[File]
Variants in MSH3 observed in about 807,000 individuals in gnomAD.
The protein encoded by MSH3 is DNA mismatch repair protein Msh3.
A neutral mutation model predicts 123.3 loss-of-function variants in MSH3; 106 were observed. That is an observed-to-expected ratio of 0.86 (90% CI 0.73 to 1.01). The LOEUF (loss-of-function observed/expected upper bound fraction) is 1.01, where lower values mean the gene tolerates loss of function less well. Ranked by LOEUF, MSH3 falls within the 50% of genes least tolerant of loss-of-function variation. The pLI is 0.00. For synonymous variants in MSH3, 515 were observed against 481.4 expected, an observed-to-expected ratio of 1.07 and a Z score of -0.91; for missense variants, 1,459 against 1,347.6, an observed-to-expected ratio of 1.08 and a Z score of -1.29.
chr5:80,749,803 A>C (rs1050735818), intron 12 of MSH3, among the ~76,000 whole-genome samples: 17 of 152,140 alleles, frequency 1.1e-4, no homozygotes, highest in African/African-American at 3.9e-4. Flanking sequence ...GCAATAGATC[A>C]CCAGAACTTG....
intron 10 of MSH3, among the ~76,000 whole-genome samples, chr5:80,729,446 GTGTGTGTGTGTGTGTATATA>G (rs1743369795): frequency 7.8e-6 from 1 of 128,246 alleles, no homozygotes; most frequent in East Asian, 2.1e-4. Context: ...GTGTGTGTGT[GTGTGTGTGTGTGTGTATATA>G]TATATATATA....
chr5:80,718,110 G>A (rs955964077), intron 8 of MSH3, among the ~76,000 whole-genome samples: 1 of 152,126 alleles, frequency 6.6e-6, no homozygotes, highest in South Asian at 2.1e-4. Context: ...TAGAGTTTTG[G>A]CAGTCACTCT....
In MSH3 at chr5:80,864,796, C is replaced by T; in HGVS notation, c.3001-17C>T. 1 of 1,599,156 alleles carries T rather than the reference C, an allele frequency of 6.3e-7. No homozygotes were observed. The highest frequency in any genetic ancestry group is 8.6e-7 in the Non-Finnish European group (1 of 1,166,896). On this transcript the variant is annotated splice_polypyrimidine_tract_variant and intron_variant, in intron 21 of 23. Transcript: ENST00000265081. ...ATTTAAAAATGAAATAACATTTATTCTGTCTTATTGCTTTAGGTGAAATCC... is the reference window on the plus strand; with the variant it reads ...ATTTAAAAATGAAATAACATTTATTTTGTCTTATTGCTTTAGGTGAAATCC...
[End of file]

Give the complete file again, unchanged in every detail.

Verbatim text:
Variants in MSH3 observed in about 807,000 individuals in gnomAD.
The protein encoded by MSH3 is DNA mismatch repair protein Msh3.
A neutral mutation model predicts 123.3 loss-of-function variants in MSH3; 106 were observed. That is an observed-to-expected ratio of 0.86 (90% CI 0.73 to 1.01). The LOEUF (loss-of-function observed/expected upper bound fraction) is 1.01, where lower values mean the gene tolerates loss of function less well. Ranked by LOEUF, MSH3 falls within the 50% of genes least tolerant of loss-of-function variation. The pLI is 0.00. For synonymous variants in MSH3, 515 were observed against 481.4 expected, an observed-to-expected ratio of 1.07 and a Z score of -0.91; for missense variants, 1,459 against 1,347.6, an observed-to-expected ratio of 1.08 and a Z score of -1.29.
chr5:80,749,803 A>C (rs1050735818), intron 12 of MSH3, among the ~76,000 whole-genome samples: 17 of 152,140 alleles, frequency 1.1e-4, no homozygotes, highest in African/African-American at 3.9e-4. Flanking sequence ...GCAATAGATC[A>C]CCAGAACTTG....
intron 10 of MSH3, among the ~76,000 whole-genome samples, chr5:80,729,446 GTGTGTGTGTGTGTGTATATA>G (rs1743369795): frequency 7.8e-6 from 1 of 128,246 alleles, no homozygotes; most frequent in East Asian, 2.1e-4. Context: ...GTGTGTGTGT[GTGTGTGTGTGTGTGTATATA>G]TATATATATA....
chr5:80,718,110 G>A (rs955964077), intron 8 of MSH3, among the ~76,000 whole-genome samples: 1 of 152,126 alleles, frequency 6.6e-6, no homozygotes, highest in South Asian at 2.1e-4. Context: ...TAGAGTTTTG[G>A]CAGTCACTCT....
In MSH3 at chr5:80,864,796, C is replaced by T; in HGVS notation, c.3001-17C>T. 1 of 1,599,156 alleles carries T rather than the reference C, an allele frequency of 6.3e-7. No homozygotes were observed. The highest frequency in any genetic ancestry group is 8.6e-7 in the Non-Finnish European group (1 of 1,166,896). On this transcript the variant is annotated splice_polypyrimidine_tract_variant and intron_variant, in intron 21 of 23. Transcript: ENST00000265081. ...ATTTAAAAATGAAATAACATTTATTCTGTCTTATTGCTTTAGGTGAAATCC... is the reference window on the plus strand; with the variant it reads ...ATTTAAAAATGAAATAACATTTATTTTGTCTTATTGCTTTAGGTGAAATCC...